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Crucial Fact

  • Her favourite word was conservatives.

Last in Parliament October 2015, as NDP MP for La Pointe-de-l'Île (Québec)

Lost her last election, in 2019, with 11% of the vote.

Statements in the House

Keeping Canada's Economy and Jobs Growing Act October 5th, 2011

Mr. Speaker, earlier, one of the hon. member's colleagues asked our finance critic a question. He said that the oil sands were creating a lot of jobs and that, in fact, the oil sands were stimulating the entire Canadian economy.

I would like him to comment on a situation created by this government—the situation where all of our crude oil is sent to the United States. As a result, thousands of Quebeckers and Canadians have lost their jobs. This is particularly true in my riding where thousands of people lost their jobs because of the closure of two refineries in the past few years. I would therefore like him to comment on this issue.

Safe Streets and Communities Act September 27th, 2011

Mr. Speaker, I would like to hear what the hon. member has to say about the fact that, at its annual meeting on August 13 and 14, 2011, the Canadian Bar Association adopted a resolution that states:

...WHEREAS mandatory minimum sentences remove judicial discretion from the sentencing process, precluding sentencing judges from balancing all the factors of the case and imposing a one-size-fits-all solution to dispositions;

...WHEREAS mandatory minimum sentences disproportionately impact already disadvantaged populations, including Aboriginal people;

I would like to add youth to that.

I would like the hon. member to comment on the resolution adopted by the Canadian Bar Association.

Preventing Human Smugglers from Abusing Canada's Immigration System Act September 20th, 2011

Mr. Speaker, I congratulate the hon. member on his speech.

I would like him to comment on the fact that the Conservatives are trying to bypass the impartial and democratic processes that Canada has previously put in place. There is a refugee board and a commission to hear these kinds of applications. Those institutions are democratic and impartial. The fact that the government is trying to put all the power into the hands of the minister is a grave affront to the impartiality and the democratic nature of the institutions already in place in Canada. I would like him to comment on that.

Preventing Human Smugglers from Abusing Canada's Immigration System Act September 20th, 2011

Mr. Speaker, I would like to thank my colleague for sharing this story with us. I would like her to comment on the economic impact of the bill. As I mentioned previously, this bill will lead to the construction of prisons and detention centres. And, as my hon. colleague explained, people will have psychological problems and, if they are accepted as refugees or permanent residents, they will probably have to go to the hospital, which will cost taxpayers even more money. Above all, an individual may not seek permanent residence, work or attend school for five years.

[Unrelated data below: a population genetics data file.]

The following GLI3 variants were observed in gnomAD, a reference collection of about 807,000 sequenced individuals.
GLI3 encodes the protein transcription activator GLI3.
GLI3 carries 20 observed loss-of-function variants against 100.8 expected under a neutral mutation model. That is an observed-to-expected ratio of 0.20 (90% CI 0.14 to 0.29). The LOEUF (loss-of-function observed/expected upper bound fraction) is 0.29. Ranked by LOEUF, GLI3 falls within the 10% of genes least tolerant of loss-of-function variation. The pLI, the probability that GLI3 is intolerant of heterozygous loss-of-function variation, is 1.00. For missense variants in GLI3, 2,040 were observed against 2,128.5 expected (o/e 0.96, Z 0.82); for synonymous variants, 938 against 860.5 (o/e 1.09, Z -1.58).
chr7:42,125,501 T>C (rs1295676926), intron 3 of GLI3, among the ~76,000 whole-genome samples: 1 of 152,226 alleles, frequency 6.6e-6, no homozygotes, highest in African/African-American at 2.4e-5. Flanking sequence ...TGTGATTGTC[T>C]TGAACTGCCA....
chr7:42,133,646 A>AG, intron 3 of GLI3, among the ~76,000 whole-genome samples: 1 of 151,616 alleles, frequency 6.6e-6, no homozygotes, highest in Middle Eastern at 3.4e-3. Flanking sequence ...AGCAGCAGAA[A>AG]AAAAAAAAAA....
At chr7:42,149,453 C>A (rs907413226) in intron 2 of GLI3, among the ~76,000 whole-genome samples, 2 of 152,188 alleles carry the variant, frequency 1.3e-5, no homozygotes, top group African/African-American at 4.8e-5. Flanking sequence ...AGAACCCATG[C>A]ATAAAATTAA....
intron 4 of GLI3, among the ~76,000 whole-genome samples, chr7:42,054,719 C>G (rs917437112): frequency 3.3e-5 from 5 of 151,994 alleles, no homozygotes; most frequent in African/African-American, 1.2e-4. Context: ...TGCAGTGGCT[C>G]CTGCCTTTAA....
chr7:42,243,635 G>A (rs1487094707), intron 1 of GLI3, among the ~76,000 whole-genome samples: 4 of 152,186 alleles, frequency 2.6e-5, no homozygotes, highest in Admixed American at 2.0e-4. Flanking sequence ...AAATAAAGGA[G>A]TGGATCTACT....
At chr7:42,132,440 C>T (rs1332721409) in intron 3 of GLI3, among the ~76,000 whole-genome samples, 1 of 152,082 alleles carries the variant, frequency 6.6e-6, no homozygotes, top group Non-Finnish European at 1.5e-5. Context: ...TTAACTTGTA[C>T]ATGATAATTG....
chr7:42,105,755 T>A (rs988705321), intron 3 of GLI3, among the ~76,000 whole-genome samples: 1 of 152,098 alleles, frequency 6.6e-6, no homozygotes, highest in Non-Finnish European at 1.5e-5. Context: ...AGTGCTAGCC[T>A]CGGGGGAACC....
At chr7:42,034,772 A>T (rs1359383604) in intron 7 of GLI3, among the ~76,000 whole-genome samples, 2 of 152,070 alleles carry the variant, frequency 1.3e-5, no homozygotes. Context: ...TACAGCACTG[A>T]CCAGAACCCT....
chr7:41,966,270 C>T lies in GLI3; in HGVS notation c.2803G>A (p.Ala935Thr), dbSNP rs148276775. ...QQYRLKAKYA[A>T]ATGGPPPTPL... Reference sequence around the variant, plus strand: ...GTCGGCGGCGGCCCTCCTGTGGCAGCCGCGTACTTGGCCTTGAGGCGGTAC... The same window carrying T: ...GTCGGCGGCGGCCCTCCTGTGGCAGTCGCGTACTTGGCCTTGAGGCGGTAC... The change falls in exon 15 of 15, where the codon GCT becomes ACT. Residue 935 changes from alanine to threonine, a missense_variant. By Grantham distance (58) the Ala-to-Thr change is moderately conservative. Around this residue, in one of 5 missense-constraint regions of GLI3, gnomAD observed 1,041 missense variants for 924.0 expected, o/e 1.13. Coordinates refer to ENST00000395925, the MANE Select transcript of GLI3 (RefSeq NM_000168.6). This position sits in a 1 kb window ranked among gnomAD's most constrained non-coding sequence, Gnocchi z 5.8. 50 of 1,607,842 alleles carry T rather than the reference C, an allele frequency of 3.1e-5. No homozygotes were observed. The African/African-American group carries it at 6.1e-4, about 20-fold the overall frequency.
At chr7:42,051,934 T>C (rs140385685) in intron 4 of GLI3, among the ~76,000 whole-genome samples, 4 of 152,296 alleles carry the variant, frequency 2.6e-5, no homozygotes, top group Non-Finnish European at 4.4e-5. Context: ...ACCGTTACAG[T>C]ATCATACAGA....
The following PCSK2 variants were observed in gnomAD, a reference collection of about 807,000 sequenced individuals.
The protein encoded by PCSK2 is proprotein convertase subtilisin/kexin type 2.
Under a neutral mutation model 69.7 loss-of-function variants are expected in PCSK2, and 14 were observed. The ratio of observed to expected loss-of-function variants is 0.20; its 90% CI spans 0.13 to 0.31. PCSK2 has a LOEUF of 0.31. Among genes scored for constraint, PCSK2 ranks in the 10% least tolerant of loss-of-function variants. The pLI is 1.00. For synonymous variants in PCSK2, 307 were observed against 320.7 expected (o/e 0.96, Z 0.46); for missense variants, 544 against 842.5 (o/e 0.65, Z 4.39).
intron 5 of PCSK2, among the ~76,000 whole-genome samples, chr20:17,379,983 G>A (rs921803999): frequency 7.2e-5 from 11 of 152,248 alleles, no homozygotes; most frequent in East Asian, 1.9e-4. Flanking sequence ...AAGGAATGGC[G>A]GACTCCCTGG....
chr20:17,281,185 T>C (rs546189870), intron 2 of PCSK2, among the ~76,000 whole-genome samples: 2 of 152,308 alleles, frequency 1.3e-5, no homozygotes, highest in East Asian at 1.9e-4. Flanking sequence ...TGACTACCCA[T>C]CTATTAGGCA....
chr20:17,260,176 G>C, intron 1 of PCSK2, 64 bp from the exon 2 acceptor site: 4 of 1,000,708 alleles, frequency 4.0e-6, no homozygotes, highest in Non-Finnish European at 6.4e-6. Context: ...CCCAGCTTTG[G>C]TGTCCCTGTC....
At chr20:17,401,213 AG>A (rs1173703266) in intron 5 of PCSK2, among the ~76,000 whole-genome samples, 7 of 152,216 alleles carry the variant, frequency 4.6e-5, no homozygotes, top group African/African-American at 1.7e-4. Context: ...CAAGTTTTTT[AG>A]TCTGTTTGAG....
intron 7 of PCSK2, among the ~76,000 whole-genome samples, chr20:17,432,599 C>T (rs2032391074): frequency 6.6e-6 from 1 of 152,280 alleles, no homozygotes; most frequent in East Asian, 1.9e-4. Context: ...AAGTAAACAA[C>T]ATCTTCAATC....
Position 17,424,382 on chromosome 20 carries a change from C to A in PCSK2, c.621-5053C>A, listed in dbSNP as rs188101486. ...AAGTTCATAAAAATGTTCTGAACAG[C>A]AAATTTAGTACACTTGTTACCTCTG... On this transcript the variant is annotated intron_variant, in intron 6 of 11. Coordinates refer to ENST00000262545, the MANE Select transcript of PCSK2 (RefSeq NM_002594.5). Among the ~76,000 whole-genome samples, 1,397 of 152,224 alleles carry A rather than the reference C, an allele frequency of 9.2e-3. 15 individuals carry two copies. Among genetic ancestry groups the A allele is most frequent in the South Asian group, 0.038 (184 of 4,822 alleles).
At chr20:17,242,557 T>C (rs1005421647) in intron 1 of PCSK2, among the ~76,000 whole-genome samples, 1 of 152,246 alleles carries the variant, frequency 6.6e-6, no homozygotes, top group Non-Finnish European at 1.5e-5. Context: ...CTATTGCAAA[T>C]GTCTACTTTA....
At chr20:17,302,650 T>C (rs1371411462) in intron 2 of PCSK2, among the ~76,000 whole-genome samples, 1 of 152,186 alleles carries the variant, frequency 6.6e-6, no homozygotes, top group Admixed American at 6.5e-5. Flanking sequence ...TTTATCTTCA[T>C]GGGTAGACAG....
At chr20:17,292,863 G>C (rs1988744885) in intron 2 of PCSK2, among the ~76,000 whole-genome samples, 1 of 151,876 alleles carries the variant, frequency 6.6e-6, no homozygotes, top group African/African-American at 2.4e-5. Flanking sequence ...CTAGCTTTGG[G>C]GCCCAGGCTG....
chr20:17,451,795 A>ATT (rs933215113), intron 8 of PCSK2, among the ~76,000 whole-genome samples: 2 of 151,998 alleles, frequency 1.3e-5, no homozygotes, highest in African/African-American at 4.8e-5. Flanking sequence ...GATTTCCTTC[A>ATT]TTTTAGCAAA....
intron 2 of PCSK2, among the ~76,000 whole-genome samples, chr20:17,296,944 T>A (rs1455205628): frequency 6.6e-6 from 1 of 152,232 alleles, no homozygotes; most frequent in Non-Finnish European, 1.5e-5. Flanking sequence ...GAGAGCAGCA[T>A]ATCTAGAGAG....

For the benefit of the government, I would like her to speak about the economic impact of this bill.

Preventing Human Smugglers from Abusing Canada's Immigration System Act September 20th, 2011

Mr. Speaker, this bill gives the minister power without granting those affected by his decisions any right to appeal. They cannot be sure that the minister's decision will be impartial. Under this bill, the minister has all the power and is not subject to any sort of monitoring. The minister can basically do whatever he wants. That is exactly what is being given to the minister.

In a democratic society, a minister should never be given the power to make such important decisions that affect people's lives, safety and stability without the assurance that he will be monitored by someone. As it stands, the minister can do whatever he wants. We know this government's record. The Conservatives have a tendency to put the paperwork into the shredder and then there is no evidence. Right now, the minister can do whatever he wants and no one is able to monitor him.

Preventing Human Smugglers from Abusing Canada's Immigration System Act September 20th, 2011

Mr. Speaker, first, I would like to remind the hon. members that the NDP does not need to impugn Canada's reputation on the world stage because this government has been doing so since 2006. The Conservatives have done a good job in that regard and continue to do so.

Second, refugees may not be allowed into Canada but that is not the issue. Does this really give the government the right to detain children illegally and arbitrarily? Does it give the government the right to treat refugees like criminals when they have committed no crime? My answer is no. It is illegal. It violates both international and Canadian law. It violates the Canadian Charter of Rights and Freedoms.

Preventing Human Smugglers from Abusing Canada's Immigration System Act September 20th, 2011

Mr. Speaker, Bill C-4 is profoundly unfair to refugees. This bill, as presented by the government, is vague, arbitrary and discriminatory.